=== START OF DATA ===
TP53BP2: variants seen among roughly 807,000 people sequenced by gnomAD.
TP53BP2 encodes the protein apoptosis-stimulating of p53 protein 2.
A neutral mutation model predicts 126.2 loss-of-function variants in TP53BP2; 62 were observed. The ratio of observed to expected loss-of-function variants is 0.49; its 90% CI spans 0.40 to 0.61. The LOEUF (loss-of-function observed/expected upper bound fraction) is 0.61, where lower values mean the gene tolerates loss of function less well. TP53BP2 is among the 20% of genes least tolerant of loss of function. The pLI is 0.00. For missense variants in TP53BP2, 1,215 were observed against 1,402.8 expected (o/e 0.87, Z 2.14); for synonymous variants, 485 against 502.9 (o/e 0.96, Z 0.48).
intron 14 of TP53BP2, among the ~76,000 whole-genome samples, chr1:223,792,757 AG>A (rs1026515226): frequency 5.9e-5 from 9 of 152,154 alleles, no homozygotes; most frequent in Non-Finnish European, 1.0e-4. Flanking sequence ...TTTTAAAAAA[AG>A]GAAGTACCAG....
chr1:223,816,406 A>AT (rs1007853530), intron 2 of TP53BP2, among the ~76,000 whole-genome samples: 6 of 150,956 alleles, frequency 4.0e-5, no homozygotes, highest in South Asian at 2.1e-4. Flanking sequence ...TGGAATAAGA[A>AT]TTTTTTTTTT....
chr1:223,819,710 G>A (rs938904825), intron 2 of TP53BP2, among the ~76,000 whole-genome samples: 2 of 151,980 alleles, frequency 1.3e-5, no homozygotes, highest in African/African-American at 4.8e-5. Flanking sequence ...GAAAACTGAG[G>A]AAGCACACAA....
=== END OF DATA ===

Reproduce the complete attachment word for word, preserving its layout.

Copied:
TP53BP2: variants seen among roughly 807,000 people sequenced by gnomAD.
TP53BP2 encodes the protein apoptosis-stimulating of p53 protein 2.
A neutral mutation model predicts 126.2 loss-of-function variants in TP53BP2; 62 were observed. The ratio of observed to expected loss-of-function variants is 0.49; its 90% CI spans 0.40 to 0.61. The LOEUF (loss-of-function observed/expected upper bound fraction) is 0.61, where lower values mean the gene tolerates loss of function less well. TP53BP2 is among the 20% of genes least tolerant of loss of function. The pLI is 0.00. For missense variants in TP53BP2, 1,215 were observed against 1,402.8 expected (o/e 0.87, Z 2.14); for synonymous variants, 485 against 502.9 (o/e 0.96, Z 0.48).
intron 14 of TP53BP2, among the ~76,000 whole-genome samples, chr1:223,792,757 AG>A (rs1026515226): frequency 5.9e-5 from 9 of 152,154 alleles, no homozygotes; most frequent in Non-Finnish European, 1.0e-4. Flanking sequence ...TTTTAAAAAA[AG>A]GAAGTACCAG....
chr1:223,816,406 A>AT (rs1007853530), intron 2 of TP53BP2, among the ~76,000 whole-genome samples: 6 of 150,956 alleles, frequency 4.0e-5, no homozygotes, highest in South Asian at 2.1e-4. Flanking sequence ...TGGAATAAGA[A>AT]TTTTTTTTTT....
chr1:223,819,710 G>A (rs938904825), intron 2 of TP53BP2, among the ~76,000 whole-genome samples: 2 of 151,980 alleles, frequency 1.3e-5, no homozygotes, highest in African/African-American at 4.8e-5. Flanking sequence ...GAAAACTGAG[G>A]AAGCACACAA....